In January, the NOW Foundation released its first-ever Feminist Super Bowl AdWatch. Our Watch Out, Listen Up! campaign, which has issued reports on the TV networks' primetime shows over the last three years, recruited volunteers to grade the ads and choose the best and worst based on their portrayal of women, people of color and other groups that are often used as easy punchlines.

After averaging the scores, we ranked the best 15 ads and the worst 15 ads (the full report is available at www.nowfoundation.org/watchout3/superbowl.html). The top ads, for products like Sierra Mist and Pepsi Twist, created humorous situations without degrading entire groups of people. Other positive ads, like Yahoo's HotJobs and George Foreman Grills, included great diversity in their casts.

The bottom of the barrel were almost exclusively brought to us by Anheuser-Busch. These commercials included the sight of a three-armed man grabbing a woman's behind; a guy's dream come true of dating both his girlfriend and her roommate; an upside-down clown drinking beer through its rear end; and two men ogling women's crotches in yoga class.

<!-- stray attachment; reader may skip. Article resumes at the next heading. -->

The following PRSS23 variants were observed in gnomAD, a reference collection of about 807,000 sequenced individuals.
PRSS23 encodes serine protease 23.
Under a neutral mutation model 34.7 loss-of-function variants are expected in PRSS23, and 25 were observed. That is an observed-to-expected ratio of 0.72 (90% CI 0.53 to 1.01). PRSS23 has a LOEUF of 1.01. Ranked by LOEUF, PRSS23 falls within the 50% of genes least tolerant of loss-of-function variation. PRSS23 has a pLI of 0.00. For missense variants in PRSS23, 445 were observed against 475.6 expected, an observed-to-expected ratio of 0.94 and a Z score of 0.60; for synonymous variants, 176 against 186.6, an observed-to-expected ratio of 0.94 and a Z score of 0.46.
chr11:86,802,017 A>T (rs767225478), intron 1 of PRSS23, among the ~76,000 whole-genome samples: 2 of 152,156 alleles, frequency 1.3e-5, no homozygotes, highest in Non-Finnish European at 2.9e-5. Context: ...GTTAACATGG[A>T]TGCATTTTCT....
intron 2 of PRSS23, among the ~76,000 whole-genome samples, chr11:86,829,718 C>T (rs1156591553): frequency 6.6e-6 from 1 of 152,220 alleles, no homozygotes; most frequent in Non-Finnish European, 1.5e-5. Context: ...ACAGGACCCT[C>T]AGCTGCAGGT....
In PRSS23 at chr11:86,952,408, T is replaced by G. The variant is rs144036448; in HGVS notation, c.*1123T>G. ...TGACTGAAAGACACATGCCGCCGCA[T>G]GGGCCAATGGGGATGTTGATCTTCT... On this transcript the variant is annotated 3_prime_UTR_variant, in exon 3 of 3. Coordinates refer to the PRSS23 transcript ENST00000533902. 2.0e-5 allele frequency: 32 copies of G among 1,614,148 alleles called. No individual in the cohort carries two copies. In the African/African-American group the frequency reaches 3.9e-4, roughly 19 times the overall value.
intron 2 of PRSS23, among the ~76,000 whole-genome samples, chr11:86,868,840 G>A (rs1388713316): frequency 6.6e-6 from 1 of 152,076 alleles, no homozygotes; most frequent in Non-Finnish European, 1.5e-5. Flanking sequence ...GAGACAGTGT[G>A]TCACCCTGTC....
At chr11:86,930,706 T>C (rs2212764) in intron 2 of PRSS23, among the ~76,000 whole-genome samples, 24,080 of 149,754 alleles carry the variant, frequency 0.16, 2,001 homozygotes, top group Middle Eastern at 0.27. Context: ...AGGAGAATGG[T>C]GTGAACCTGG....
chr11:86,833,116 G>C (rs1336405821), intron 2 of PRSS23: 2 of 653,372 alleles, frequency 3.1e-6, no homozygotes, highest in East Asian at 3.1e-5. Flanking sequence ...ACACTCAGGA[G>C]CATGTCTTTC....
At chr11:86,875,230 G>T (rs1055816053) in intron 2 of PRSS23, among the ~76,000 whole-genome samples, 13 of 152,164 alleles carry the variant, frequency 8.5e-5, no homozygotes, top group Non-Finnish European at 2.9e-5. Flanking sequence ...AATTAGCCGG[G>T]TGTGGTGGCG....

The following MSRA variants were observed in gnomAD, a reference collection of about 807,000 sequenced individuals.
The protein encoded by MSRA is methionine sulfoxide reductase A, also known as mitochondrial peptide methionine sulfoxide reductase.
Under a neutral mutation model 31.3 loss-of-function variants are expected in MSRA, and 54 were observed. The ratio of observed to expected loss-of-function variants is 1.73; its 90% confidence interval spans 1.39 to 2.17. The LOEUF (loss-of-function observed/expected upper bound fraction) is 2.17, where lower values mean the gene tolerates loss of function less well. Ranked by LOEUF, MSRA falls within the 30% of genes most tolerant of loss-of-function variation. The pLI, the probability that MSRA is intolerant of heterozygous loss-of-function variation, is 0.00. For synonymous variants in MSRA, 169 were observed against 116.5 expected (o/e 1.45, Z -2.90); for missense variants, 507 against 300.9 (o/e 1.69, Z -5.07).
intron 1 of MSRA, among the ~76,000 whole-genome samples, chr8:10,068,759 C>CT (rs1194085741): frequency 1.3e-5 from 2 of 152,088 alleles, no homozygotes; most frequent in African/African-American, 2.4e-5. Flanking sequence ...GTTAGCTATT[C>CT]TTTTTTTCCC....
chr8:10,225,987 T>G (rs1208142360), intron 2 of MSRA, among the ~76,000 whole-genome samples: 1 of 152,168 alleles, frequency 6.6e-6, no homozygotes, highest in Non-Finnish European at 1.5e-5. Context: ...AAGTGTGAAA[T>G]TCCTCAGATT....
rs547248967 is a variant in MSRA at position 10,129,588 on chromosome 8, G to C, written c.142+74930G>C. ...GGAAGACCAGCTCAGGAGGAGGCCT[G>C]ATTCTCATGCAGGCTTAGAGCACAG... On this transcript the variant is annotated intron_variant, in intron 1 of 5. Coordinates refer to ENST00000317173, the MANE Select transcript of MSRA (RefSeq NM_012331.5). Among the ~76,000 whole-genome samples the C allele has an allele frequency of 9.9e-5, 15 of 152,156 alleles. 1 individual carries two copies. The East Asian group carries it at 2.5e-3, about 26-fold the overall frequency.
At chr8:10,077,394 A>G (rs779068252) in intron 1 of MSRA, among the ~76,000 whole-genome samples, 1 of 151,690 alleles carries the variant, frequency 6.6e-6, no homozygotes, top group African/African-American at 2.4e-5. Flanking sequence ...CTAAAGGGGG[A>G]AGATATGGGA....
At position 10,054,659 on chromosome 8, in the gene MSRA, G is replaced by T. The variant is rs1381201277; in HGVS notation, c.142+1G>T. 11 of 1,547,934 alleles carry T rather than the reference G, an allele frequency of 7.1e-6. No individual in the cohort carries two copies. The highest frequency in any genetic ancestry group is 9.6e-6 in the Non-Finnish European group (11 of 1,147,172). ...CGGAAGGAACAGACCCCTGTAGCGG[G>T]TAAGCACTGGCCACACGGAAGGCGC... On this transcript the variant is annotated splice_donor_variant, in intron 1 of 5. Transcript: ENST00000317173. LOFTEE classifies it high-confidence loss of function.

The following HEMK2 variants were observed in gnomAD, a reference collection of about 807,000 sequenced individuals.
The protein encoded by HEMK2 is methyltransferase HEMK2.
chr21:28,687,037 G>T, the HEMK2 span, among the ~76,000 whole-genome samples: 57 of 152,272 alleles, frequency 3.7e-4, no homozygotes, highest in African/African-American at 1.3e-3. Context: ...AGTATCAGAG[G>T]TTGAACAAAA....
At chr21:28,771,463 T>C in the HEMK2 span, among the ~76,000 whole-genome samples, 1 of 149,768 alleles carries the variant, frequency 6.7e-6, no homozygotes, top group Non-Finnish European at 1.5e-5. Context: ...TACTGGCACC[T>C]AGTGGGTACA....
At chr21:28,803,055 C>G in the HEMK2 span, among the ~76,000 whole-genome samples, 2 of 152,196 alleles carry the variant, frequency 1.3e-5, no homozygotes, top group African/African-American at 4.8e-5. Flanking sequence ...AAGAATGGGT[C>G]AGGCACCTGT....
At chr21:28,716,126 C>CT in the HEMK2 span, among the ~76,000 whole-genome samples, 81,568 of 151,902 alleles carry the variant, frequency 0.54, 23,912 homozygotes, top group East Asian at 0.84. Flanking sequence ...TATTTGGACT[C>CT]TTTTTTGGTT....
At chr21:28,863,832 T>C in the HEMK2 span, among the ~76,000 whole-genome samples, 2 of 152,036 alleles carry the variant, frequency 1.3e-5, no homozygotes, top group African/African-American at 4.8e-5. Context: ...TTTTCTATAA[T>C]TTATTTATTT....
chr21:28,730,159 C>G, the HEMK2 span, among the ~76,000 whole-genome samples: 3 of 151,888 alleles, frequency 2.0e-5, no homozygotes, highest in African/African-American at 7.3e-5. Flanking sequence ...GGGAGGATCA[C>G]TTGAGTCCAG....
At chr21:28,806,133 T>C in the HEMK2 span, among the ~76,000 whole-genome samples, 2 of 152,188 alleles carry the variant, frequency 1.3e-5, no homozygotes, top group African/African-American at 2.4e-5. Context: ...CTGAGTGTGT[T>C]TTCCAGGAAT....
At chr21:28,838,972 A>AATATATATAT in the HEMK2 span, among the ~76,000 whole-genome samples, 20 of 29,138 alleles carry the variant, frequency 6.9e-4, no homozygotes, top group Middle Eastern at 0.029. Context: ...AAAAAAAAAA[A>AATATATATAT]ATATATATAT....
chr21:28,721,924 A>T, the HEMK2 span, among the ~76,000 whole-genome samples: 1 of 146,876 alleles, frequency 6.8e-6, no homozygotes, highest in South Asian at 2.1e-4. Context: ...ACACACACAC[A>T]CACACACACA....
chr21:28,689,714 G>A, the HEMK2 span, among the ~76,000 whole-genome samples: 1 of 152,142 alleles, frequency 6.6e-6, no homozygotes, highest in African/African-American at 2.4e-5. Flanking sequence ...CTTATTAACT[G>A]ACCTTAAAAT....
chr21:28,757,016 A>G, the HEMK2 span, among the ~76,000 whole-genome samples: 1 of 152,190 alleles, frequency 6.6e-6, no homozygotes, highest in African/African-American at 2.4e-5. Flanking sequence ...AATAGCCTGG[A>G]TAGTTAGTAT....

The ad voted the absolute worst featured a young man whose friend tells him to check out his girlfriend's mom to see how well the girlfried will age. To his dismay, the mom has a youthful, attractive face, but a gigantic butt, which fills the screen as she bends over. The ad is "misogyny and fat-hatred defined," as one of our monitors put it.

The report generated mail both pro and con, with the strongest comments coming from men determined to discourage the NOW Foundation from any further criticism of the advertising industry. They employed two simple methods that have been used against feminists for decades:

  1. Name-calling. Foes of feminism labeled NOW women as "a bunch of humorless, shrieking harpies," "fat, ugly lesbian types," and "bitter old women who couldn't find a husband," in an attempt to humiliate and intimidate us.